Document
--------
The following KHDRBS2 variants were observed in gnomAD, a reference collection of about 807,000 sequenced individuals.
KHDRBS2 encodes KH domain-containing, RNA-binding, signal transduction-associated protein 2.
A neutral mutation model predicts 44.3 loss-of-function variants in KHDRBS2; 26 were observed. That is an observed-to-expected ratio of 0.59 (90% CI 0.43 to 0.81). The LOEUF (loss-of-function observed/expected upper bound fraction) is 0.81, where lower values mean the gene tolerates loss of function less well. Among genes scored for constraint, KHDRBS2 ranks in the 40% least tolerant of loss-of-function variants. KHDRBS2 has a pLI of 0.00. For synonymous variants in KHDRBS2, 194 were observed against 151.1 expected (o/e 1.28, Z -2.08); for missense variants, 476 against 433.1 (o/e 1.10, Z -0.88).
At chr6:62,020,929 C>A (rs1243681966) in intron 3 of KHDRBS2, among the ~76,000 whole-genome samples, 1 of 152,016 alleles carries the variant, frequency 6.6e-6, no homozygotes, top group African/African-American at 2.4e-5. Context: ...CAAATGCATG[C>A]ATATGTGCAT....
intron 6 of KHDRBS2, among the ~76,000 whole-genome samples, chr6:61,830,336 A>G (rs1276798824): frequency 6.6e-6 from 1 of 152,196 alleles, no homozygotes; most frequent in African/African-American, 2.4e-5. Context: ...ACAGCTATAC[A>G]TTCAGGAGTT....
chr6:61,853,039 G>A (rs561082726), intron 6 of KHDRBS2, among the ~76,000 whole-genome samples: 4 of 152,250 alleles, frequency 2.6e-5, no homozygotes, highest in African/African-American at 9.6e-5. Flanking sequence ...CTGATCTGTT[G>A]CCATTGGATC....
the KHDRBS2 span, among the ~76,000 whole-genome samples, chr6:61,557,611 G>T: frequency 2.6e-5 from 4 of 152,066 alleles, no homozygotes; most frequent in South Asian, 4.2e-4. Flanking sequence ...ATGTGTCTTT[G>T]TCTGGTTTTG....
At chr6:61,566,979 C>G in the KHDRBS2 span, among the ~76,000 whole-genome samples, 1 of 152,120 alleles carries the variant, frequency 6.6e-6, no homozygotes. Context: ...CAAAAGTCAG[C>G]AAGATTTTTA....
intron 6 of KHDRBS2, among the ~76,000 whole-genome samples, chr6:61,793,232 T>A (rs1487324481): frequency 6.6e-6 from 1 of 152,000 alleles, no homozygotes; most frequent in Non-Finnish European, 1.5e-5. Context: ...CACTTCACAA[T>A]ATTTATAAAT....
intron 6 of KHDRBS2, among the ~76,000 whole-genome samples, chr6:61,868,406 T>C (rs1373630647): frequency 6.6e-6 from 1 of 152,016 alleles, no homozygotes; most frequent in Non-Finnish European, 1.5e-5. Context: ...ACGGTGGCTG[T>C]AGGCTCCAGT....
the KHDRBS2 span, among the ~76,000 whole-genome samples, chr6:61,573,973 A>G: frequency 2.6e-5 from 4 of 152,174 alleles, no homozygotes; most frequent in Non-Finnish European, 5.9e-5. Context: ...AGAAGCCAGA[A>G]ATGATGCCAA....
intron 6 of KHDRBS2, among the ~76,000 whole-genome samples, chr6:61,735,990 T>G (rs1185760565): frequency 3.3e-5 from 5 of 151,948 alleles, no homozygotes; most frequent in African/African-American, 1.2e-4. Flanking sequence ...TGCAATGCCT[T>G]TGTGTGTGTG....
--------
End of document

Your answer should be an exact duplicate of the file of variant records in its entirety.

The following KHDRBS2 variants were observed in gnomAD, a reference collection of about 807,000 sequenced individuals.
KHDRBS2 encodes KH domain-containing, RNA-binding, signal transduction-associated protein 2.
A neutral mutation model predicts 44.3 loss-of-function variants in KHDRBS2; 26 were observed. That is an observed-to-expected ratio of 0.59 (90% CI 0.43 to 0.81). The LOEUF (loss-of-function observed/expected upper bound fraction) is 0.81, where lower values mean the gene tolerates loss of function less well. Among genes scored for constraint, KHDRBS2 ranks in the 40% least tolerant of loss-of-function variants. KHDRBS2 has a pLI of 0.00. For synonymous variants in KHDRBS2, 194 were observed against 151.1 expected (o/e 1.28, Z -2.08); for missense variants, 476 against 433.1 (o/e 1.10, Z -0.88).
At chr6:62,020,929 C>A (rs1243681966) in intron 3 of KHDRBS2, among the ~76,000 whole-genome samples, 1 of 152,016 alleles carries the variant, frequency 6.6e-6, no homozygotes, top group African/African-American at 2.4e-5. Context: ...CAAATGCATG[C>A]ATATGTGCAT....
intron 6 of KHDRBS2, among the ~76,000 whole-genome samples, chr6:61,830,336 A>G (rs1276798824): frequency 6.6e-6 from 1 of 152,196 alleles, no homozygotes; most frequent in African/African-American, 2.4e-5. Context: ...ACAGCTATAC[A>G]TTCAGGAGTT....
chr6:61,853,039 G>A (rs561082726), intron 6 of KHDRBS2, among the ~76,000 whole-genome samples: 4 of 152,250 alleles, frequency 2.6e-5, no homozygotes, highest in African/African-American at 9.6e-5. Flanking sequence ...CTGATCTGTT[G>A]CCATTGGATC....
the KHDRBS2 span, among the ~76,000 whole-genome samples, chr6:61,557,611 G>T: frequency 2.6e-5 from 4 of 152,066 alleles, no homozygotes; most frequent in South Asian, 4.2e-4. Flanking sequence ...ATGTGTCTTT[G>T]TCTGGTTTTG....
At chr6:61,566,979 C>G in the KHDRBS2 span, among the ~76,000 whole-genome samples, 1 of 152,120 alleles carries the variant, frequency 6.6e-6, no homozygotes. Context: ...CAAAAGTCAG[C>G]AAGATTTTTA....
intron 6 of KHDRBS2, among the ~76,000 whole-genome samples, chr6:61,793,232 T>A (rs1487324481): frequency 6.6e-6 from 1 of 152,000 alleles, no homozygotes; most frequent in Non-Finnish European, 1.5e-5. Context: ...CACTTCACAA[T>A]ATTTATAAAT....
intron 6 of KHDRBS2, among the ~76,000 whole-genome samples, chr6:61,868,406 T>C (rs1373630647): frequency 6.6e-6 from 1 of 152,016 alleles, no homozygotes; most frequent in Non-Finnish European, 1.5e-5. Context: ...ACGGTGGCTG[T>C]AGGCTCCAGT....
the KHDRBS2 span, among the ~76,000 whole-genome samples, chr6:61,573,973 A>G: frequency 2.6e-5 from 4 of 152,174 alleles, no homozygotes; most frequent in Non-Finnish European, 5.9e-5. Context: ...AGAAGCCAGA[A>G]ATGATGCCAA....
intron 6 of KHDRBS2, among the ~76,000 whole-genome samples, chr6:61,735,990 T>G (rs1185760565): frequency 3.3e-5 from 5 of 151,948 alleles, no homozygotes; most frequent in African/African-American, 1.2e-4. Flanking sequence ...TGCAATGCCT[T>G]TGTGTGTGTG....